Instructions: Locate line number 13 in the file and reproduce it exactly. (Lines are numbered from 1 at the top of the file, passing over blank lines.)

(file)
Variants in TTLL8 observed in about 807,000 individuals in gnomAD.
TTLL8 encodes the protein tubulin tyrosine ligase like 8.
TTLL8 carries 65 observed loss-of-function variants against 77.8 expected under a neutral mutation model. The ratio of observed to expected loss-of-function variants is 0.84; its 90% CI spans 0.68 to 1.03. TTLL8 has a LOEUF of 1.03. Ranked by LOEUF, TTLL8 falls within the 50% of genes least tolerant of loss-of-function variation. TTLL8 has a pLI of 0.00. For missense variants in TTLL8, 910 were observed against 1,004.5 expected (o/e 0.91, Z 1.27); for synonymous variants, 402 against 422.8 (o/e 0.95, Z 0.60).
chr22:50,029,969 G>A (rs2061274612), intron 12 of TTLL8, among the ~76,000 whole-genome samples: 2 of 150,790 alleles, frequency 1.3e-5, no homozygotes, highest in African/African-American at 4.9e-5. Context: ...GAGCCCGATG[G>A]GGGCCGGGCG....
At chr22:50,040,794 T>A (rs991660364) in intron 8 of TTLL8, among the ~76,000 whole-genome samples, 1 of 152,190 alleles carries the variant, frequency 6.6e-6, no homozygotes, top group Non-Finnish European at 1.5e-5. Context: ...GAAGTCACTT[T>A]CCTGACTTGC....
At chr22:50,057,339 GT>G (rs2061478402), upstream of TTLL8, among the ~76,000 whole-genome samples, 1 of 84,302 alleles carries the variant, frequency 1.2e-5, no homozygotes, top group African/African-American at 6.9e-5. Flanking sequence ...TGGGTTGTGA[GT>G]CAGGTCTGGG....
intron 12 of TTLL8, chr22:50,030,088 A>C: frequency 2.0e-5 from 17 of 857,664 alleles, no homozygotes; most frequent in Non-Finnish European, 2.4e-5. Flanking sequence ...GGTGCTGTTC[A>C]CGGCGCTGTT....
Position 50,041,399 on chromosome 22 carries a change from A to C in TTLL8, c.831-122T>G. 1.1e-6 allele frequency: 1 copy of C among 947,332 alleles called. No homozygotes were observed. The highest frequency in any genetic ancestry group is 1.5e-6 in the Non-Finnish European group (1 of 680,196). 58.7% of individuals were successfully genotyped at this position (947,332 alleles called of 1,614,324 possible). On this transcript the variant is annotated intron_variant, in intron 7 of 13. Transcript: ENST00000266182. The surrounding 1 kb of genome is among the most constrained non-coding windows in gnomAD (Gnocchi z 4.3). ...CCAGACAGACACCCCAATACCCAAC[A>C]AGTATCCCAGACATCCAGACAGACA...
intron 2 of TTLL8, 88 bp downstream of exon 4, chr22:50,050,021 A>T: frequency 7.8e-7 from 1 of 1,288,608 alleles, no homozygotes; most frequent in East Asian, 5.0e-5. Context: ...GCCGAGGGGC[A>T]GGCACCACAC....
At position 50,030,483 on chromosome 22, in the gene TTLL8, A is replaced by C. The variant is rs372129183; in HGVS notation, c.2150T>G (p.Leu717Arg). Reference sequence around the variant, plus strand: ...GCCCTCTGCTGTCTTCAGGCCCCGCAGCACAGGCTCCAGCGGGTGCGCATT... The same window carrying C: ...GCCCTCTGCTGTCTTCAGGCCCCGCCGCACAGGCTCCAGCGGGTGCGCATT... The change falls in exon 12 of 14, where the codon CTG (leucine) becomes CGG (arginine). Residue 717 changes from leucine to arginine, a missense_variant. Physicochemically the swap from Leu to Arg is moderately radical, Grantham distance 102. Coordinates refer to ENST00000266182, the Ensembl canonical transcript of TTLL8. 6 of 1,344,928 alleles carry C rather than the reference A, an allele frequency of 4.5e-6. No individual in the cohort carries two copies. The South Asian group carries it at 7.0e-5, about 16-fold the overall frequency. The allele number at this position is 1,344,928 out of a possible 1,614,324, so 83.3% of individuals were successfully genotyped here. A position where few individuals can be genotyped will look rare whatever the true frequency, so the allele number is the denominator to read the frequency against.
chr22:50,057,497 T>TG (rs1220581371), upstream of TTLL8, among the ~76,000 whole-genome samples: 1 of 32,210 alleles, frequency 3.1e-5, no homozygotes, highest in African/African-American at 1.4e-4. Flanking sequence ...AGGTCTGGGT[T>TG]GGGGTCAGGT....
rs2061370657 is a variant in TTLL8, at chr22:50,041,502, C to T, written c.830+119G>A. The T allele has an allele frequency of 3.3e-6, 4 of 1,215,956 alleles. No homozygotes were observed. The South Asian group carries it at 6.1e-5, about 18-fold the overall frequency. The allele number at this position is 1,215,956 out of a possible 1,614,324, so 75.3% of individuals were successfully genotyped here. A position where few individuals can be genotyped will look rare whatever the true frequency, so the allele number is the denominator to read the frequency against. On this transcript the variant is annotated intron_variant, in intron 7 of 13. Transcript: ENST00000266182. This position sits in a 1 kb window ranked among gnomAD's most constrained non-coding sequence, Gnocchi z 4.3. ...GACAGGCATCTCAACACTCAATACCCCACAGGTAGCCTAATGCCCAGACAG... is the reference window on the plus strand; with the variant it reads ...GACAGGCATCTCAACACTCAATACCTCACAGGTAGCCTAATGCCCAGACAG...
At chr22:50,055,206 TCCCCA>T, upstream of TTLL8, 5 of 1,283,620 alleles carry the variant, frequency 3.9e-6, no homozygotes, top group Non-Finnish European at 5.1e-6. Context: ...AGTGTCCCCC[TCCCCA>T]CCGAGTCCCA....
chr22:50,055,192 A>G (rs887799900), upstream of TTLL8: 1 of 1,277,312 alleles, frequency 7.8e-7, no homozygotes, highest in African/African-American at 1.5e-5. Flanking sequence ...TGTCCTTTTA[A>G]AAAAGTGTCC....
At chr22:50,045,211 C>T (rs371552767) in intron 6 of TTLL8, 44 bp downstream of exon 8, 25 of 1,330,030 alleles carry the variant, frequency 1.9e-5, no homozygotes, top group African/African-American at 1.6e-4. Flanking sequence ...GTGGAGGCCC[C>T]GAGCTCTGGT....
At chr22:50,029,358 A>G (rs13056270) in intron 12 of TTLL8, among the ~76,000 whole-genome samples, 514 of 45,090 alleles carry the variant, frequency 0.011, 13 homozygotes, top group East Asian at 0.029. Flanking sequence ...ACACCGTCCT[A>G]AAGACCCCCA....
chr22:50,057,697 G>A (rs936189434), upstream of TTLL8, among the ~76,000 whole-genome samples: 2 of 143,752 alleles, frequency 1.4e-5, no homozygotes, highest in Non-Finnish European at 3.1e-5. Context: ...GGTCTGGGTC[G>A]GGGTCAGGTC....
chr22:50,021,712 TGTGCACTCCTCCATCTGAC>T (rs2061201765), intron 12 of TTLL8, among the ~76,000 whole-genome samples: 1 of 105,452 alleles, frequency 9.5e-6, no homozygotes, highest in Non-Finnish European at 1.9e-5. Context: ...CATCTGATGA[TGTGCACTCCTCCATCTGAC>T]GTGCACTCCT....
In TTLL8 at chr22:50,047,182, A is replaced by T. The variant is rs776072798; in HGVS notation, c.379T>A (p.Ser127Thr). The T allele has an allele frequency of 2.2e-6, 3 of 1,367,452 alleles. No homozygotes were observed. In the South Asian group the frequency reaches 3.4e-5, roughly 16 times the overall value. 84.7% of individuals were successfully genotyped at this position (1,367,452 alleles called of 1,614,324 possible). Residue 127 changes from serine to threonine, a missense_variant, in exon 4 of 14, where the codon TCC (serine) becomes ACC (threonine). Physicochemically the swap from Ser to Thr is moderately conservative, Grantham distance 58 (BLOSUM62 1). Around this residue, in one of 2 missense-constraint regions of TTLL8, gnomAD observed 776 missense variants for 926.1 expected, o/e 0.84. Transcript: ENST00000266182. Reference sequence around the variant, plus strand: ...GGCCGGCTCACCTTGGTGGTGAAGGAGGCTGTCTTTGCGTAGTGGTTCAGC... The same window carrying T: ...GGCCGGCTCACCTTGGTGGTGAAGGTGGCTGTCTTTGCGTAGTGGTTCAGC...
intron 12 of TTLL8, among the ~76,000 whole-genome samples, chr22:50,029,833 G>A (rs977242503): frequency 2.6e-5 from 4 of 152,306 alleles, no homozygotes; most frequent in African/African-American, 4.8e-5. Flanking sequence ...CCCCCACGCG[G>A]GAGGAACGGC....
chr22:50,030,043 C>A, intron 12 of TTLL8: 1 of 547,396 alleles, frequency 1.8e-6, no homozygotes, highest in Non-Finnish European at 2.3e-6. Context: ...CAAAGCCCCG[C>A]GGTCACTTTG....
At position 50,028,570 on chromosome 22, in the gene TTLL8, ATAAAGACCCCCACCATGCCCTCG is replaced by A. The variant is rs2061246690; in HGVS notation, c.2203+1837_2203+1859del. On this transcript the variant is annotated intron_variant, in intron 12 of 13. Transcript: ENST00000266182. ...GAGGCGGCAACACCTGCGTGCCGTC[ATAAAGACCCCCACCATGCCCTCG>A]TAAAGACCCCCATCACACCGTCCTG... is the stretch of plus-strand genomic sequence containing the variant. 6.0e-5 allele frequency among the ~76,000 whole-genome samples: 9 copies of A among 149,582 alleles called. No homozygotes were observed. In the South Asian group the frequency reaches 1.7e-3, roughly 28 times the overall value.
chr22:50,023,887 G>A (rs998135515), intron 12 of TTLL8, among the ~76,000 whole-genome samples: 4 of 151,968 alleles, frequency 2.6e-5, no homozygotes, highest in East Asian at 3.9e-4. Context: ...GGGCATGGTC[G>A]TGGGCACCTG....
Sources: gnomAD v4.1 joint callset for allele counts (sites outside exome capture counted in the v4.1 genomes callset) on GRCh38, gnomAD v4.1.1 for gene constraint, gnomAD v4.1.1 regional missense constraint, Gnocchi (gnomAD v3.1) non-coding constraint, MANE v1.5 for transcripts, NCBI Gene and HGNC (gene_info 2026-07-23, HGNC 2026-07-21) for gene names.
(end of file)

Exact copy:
At chr22:50,055,206 TCCCCA>T, upstream of TTLL8, 5 of 1,283,620 alleles carry the variant, frequency 3.9e-6, no homozygotes, top group Non-Finnish European at 5.1e-6. Context: ...AGTGTCCCCC[TCCCCA>T]CCGAGTCCCA....